>> means if you need to read your e-mails while offline, like when you
    >> cannot get an Internet connection or their server is unreachable (it's
    >> down, it's busy, a host in the route is unresponsive) that you can't see
    >> your online calendar.
    >>
    >> While I don't bother with Deltasync because I don't care about online
    >> calendars and online contacts, I know many users like having that info
    >> (but it can be confusing if you're looking at the online or local
    >> lists). I just do POP to access my accounts in both Outlook Express,
    >> Outlook, and WLM if I used that. Outlook 2003 does not natively support
    >> Deltasync. Microsoft said they were going to add IMAP access but that
    >> was years ago when promised or alluded to. Deltasync what Microsoft's
    >> replacement for IMAP. They made claims about it being better than IMAP
    >> but the argument was really lopsided in that it helped them, not their
    >> users. They also claimed IMAP was harder to maintain yet other e-mail
    >> providers have been supporting IMAP for decades. They just wanted
    >> something proprietary that locked you into using their e-mail clients if
    >> you used their Hotmail service and wanted more than POP access. Since
    >> OL2003 doesn't support Deltasync, you have to add it by installing
    >> Microsoft's Outlook Connector add-on. It might be better now but I saw
    >> many users complaining about problems with that add-on plus I don't know
    >> if it did more than give Deltasync access to the e-mail folders (I don't
    >> know if it included your online calendar and online contacts). The best
    >> place to ask about usability of the Outlook Connector add-on is over in
    >> the microsoft.public.outlook.general group. To me, having to add more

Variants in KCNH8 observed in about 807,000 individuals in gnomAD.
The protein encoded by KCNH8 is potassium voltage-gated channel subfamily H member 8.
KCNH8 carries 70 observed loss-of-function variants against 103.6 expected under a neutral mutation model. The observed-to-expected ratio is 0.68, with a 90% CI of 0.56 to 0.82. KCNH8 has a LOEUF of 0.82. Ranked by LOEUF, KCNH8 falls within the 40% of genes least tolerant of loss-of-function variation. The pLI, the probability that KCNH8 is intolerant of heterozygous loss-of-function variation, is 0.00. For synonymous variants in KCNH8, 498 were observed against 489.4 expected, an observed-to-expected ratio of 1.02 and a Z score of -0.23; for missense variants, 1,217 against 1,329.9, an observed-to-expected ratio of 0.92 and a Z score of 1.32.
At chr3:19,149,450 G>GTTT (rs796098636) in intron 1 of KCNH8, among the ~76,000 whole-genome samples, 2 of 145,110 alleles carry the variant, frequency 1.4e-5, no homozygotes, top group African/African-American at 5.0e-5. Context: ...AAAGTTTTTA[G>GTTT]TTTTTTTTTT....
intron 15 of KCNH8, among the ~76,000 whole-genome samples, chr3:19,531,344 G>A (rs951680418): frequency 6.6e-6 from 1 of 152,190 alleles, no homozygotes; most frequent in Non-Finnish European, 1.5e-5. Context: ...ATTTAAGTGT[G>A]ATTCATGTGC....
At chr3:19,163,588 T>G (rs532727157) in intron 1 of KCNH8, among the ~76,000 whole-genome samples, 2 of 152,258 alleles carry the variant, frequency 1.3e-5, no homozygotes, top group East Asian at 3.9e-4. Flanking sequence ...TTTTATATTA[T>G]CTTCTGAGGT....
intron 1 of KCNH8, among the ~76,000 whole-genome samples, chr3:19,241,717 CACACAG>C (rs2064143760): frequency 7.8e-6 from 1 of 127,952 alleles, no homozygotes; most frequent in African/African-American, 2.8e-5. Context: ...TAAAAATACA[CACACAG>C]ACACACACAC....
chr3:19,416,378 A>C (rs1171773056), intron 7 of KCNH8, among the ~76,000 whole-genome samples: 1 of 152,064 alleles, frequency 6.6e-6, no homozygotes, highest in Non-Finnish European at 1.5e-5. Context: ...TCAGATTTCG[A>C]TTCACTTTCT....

>> layers for protocol support via add-ons meant less stability. WLM has
    >> Deltasync built in but that's only important for users that want IMAP-
    >> like access to their e-mail accounts but also don't care about losing
    >> the online calendar and online contacts when they don't happen to have
    >> an Internet connection. When Zimbra first came out, the lack of access
    >> to online data when there was no Internet access was why I didn't want
    >> that e-mail client. They didn't sync the calendar and contacts to the
    >> local store just like WLM doesn't do a sync (it just switches from local
    >> to online stores); however, I recall they came out with an offline
    >> e-mail client called Zimbra Desktop that now does that sync so you can
    >> see all your e-mails, calendars, and contacts when offline.
    >>
    >> Whether robust rules is important to you depends on how much you use
    >> them to organize or filter your e-mails. I rely a lot on rules to
    >> organize my e-mails. I don't rely on them much anymore to eliminate
    >> spam since the best anti-spam solution is employed up at the server
    >> rather than at the client, plus many e-mail providers provide reasonably